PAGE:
Zango is a surreal town where men, some with erect manhoods, die when leaves fall from a life tree.
Zango is both setting and spectre for ‘Dreams and Assorted Nightmares’, a collection of interconnecting short stories which explore the spaces between life and death and beyond.
There’s a poignant story of a special needs boy with prescience; another about the family of a philandering artist trying to pick up the pieces after his violent death; one of a teen forced to make a heart-breaking choice after her mother disappears; and another about a woman who reveals a terrible secret to her childhood friend who is in a coma. The characters come richly-layered and memorable — like Naznine who had but slowly lost the most perfect smile in the world; new bride, Nana Aisha, left alone to face armed marauders who invade her home; and brigands, Audu Kore and Maimuna Dajjaj, who share a pure and precious love.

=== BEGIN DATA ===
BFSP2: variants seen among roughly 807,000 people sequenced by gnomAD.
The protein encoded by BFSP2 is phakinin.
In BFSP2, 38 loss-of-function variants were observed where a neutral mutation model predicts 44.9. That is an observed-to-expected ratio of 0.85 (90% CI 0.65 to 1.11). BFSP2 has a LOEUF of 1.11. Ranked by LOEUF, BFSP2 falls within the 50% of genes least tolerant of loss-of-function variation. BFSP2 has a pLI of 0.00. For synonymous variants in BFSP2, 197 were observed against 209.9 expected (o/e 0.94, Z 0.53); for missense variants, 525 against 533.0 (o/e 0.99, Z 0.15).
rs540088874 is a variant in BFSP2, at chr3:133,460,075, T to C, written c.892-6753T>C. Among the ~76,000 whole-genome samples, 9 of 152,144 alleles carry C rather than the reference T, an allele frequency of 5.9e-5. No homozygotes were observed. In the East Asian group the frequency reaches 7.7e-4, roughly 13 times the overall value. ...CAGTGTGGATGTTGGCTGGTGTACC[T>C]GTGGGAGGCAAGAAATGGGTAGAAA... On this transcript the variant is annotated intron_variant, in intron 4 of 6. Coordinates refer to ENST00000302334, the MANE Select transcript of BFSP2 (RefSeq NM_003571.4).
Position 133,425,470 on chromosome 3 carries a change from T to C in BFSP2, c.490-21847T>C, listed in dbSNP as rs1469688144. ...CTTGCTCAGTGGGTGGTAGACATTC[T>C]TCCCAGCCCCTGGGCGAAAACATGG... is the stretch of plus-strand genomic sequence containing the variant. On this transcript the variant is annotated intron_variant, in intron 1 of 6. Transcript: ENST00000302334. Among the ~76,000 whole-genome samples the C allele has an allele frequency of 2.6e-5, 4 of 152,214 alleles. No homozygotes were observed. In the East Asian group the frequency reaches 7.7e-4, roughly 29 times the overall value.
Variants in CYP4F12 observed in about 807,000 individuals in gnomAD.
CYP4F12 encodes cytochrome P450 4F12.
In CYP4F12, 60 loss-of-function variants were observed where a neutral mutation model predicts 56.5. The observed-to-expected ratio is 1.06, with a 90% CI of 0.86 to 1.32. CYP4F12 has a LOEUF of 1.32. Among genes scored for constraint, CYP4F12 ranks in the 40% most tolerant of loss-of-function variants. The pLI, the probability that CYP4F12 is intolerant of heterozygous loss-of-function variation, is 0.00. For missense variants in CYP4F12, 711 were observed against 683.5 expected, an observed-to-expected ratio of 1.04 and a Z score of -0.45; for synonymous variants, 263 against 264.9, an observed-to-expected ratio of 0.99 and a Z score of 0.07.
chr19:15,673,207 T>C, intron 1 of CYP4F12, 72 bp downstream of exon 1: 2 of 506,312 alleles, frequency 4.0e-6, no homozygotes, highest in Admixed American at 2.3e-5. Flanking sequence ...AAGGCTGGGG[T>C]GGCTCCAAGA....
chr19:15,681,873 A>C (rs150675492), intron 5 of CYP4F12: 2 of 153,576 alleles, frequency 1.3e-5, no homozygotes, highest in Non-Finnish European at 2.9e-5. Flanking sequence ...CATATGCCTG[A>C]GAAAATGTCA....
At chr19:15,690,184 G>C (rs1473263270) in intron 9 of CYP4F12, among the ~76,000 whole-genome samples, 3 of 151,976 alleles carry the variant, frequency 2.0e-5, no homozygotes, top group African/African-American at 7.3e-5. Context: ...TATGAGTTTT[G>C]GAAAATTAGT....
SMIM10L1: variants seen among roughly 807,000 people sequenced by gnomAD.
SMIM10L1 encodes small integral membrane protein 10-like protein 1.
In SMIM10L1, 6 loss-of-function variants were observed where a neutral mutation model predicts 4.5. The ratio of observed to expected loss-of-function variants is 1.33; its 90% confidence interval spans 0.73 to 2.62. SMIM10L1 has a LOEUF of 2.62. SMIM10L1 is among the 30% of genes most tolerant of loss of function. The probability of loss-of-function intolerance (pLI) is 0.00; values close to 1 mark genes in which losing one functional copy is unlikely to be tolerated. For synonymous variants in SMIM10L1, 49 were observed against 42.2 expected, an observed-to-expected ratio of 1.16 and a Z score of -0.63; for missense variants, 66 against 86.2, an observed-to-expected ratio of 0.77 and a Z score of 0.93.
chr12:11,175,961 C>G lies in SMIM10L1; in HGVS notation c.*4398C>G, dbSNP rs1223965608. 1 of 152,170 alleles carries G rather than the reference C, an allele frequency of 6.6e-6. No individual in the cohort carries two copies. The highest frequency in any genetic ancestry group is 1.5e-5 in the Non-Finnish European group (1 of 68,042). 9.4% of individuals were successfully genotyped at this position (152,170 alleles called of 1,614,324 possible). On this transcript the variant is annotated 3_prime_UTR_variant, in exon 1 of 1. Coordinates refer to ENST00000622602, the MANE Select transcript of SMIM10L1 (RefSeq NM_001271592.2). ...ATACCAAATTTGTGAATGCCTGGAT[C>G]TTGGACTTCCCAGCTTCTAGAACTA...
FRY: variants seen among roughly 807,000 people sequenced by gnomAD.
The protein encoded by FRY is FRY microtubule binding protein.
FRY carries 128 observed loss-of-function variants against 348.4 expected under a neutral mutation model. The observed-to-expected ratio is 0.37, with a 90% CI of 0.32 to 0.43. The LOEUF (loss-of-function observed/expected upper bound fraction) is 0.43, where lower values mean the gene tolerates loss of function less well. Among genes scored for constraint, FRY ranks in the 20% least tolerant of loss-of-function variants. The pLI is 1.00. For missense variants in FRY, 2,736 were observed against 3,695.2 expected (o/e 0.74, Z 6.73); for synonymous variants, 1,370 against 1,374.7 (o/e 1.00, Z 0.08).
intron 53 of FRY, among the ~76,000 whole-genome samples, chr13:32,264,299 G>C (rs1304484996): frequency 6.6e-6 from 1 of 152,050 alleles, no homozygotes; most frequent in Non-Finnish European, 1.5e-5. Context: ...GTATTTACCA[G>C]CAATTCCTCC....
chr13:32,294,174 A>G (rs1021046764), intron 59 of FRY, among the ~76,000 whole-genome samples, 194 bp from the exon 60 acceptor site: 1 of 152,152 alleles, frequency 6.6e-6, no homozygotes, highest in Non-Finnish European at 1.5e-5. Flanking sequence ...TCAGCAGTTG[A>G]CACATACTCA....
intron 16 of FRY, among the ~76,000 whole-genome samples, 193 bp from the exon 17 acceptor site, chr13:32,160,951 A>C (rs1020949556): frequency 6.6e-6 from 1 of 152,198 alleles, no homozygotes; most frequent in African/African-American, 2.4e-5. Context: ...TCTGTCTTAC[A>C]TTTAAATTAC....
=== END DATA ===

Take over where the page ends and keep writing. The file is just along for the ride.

The stories mostly feel mystical and dark, but the palpable compassion with which they are written give them warmth and light. Like rivulets, the stories easily flow into each other, aided by Ibrahim’s signature hypnotic writing and majestic prose. This is a collection to savour especially for its many enigmas — the silent poetry and tragedies of everyday life, the darkness and tenderness of the human mind, and the crossroads between dreams and the supernatural.